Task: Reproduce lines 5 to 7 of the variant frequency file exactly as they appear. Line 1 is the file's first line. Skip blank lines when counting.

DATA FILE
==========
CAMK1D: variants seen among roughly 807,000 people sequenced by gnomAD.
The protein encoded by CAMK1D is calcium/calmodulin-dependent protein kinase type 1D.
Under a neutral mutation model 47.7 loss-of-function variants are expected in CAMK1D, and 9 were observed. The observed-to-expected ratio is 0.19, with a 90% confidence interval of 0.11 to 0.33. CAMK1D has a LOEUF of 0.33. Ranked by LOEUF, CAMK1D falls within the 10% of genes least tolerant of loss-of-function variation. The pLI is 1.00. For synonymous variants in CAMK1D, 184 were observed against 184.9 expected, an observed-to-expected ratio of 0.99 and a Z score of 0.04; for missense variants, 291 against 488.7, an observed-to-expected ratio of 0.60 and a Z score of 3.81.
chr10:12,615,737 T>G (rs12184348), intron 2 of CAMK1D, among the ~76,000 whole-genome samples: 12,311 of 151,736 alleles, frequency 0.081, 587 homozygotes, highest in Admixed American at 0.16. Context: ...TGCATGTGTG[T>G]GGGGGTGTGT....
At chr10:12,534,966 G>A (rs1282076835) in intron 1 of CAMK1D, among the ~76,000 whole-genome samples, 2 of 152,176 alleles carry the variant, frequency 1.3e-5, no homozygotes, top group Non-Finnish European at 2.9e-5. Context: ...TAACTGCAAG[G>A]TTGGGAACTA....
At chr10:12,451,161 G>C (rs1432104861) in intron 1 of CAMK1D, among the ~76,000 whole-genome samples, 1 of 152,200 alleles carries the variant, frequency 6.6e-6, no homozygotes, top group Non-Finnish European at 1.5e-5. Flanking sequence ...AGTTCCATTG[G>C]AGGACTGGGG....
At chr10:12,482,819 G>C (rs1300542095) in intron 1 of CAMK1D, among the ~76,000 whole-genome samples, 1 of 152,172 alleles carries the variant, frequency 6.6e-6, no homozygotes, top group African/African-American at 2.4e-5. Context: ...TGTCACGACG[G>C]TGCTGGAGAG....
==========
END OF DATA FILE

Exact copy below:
At chr10:12,534,966 G>A (rs1282076835) in intron 1 of CAMK1D, among the ~76,000 whole-genome samples, 2 of 152,176 alleles carry the variant, frequency 1.3e-5, no homozygotes, top group Non-Finnish European at 2.9e-5. Context: ...TAACTGCAAG[G>A]TTGGGAACTA....
At chr10:12,451,161 G>C (rs1432104861) in intron 1 of CAMK1D, among the ~76,000 whole-genome samples, 1 of 152,200 alleles carries the variant, frequency 6.6e-6, no homozygotes, top group Non-Finnish European at 1.5e-5. Flanking sequence ...AGTTCCATTG[G>C]AGGACTGGGG....
At chr10:12,482,819 G>C (rs1300542095) in intron 1 of CAMK1D, among the ~76,000 whole-genome samples, 1 of 152,172 alleles carries the variant, frequency 6.6e-6, no homozygotes, top group African/African-American at 2.4e-5. Context: ...TGTCACGACG[G>C]TGCTGGAGAG....